It’s FRONT LINE FRIDAY!
How many of you have seen the bell ringers outside of Walmart, Target and such? Do you know who they represent? The Salvation Army.
Now the Salvation Army has been around a while, like since the late 1800s. You can read more about their formation here. Did you know they are in the fight against human trafficking?
In Atlanta, there is a Salvation Army campus called the Kroc Center and housed inside it is Haven ATL, which is the anti-trafficking arm of their ministry led by Hillary DeJarnett. Today, you have the pleasure of getting to know Hillary.
Hillary, when did you first hear about sex trafficking?
First of all, you probably need to know my parents work with the Salvation Army, so I grew up in the ministry. When I was 16 or 17 years old I attended a Salvation Army youth camp and there was a breakout session on trafficking. I was curious so I attended it. I had seen prostitutes before, but I never saw them as victims before that summer at camp.
Did that cause you to step into the fight?
In college I met a group of girls doing a weekly prayer group for victims. They would also do outreach in the local strip clubs, going in and taking gift baskets to the dancers, talking with them and praying with them. I became a part of that group while in college.
I also led a mission trip to Amsterdam through a college ministry called the Wesley Foundation when I interned with them. We partnered with another ministry, YWAM. We blatantly saw trafficking taking place, girls in storefront windows for purchase.
Did you read any books or watch any movies to further your education about trafficking?
I read Rachel Lloyd’s book, Girls Like Us, and Gary Haugen‘s book, The Good News About Injustice. I also watched a couple of documentaries: Very Young Girls and Nefarious.
So how did you end up at the Salvation Army leading Haven Atlanta?
While getting my master’s degree in Nonprofit Administration, I was assigned a project to develop a program proposal. Because of my connection with the Salvation Army, I met with a staff member, Sandra, there and brainstormed ideas. I looked at the organizations out there fighting trafficking in the Atlanta area and asked myself what’s missing. I determined Atlanta needed a community based drop in center, similar to GEMS in New York City. I gave my proposal to Sandra to review before I turned it in for a grade. She said it looked fabulous and told me when I graduated she wanted me to come to Atlanta and start that program.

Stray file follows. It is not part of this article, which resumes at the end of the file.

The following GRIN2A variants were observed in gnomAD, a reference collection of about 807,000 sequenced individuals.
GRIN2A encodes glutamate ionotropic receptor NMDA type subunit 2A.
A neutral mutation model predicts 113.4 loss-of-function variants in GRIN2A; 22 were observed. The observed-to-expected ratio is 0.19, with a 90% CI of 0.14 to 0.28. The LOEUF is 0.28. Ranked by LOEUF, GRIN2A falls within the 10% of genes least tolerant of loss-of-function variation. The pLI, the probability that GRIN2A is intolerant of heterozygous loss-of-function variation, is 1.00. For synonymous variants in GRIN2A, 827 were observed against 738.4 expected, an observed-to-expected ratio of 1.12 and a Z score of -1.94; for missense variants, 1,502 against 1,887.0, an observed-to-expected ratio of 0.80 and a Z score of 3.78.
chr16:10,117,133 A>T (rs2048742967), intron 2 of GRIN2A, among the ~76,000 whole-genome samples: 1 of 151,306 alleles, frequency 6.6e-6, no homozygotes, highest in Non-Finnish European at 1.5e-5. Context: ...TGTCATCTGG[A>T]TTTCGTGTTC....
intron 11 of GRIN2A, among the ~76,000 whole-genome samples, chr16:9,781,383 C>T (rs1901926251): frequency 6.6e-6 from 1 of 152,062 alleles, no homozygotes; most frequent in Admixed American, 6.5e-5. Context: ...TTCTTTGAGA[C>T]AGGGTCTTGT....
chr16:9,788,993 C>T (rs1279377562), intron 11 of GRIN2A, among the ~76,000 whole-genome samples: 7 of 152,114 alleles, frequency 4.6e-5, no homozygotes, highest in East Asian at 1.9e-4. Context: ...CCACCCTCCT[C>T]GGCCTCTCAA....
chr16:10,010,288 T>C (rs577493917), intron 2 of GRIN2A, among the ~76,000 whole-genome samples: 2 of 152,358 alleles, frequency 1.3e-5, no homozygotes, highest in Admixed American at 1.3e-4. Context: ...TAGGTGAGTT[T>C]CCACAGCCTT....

I felt very overwhelmed at first. All I had was my laptop… no office, no staff. I went out and began meeting the community leaders. I did an awareness campaign in conjunction with Street Grace to meet people in the community. It was then I realized women were already coming to the center for financial assistance, health care and food. They started pulling me into the meetings with the ladies and I started building relationships with them. As I helped one, word would travel in the community.
What has been your biggest obstacle or struggle?
My biggest struggle is realizing I can’t do everything for the ladies. I can’t bring them home with me, although there are times I wish I could. I’m learning it’s dignifying to give MARTA passes and give them the choice to come. It has to be their choice for it to make a difference.
I also struggle with the question, Are we doing this right?
What has been your biggest blessing in your work?
I love being part of what the Lord is doing in this arena. Seeing His provision for these ladies time and time again; seeing lives transformed is incredible.
What role do you see pornography playing in this issue?
It is the gateway for demand. People call it the victimless crime, but the women are exploited in the films.
Are there any myths about this issue you’d like to shed light on?
Yes! It is easy for people to acknowledge someone as a trafficking victim if they’re under 18 but once they turn 18 they’re seen as a prostitute, a criminal. Most of the women who are in the life after 18 were brought into the life as a minor. This bondage is cyclic. The women have never been empowered or told they could do anything else, so this is all they know. They’re a victim just like those who are under 18.
What types of services do you provide for the women?
We provide a safe place to just hang out off of the streets, educational classes, counseling, case management, transportation, health and wellness classes, Bible study, assistance getting into a residential program if they desire, and an awesome staff to love them and stand in their corner and fight with them as they fight for their freedom.
What are the needs of Haven Atlanta?
We can always benefit from financial donations. It allows us to develop and sustain programs for the women to gain education and life skills.
We also have a Haven Store the women get to shop in with their points they earn for attending classes and being on time. We try to keep the closet stocked with toiletries, clothing and gift cards.
We also need dedicated volunteers to mentor the women, to be someone who stands in their corner in this fight. To volunteer go to our website and send us an email letting us know you want to volunteer. We’ll send you the details on how to get started.
To stay in touch with the work of Haven Atlanta, you can become a follower of their blog. You can also follow them on Twitter here. To connect with Hillary or to visit Haven Atlanta and be a part of someone’s transformation, click here. To donate to the work of the Salvation Army, click here.
As always, do something. Be someone’s miracle today. Raise your voice for hope.
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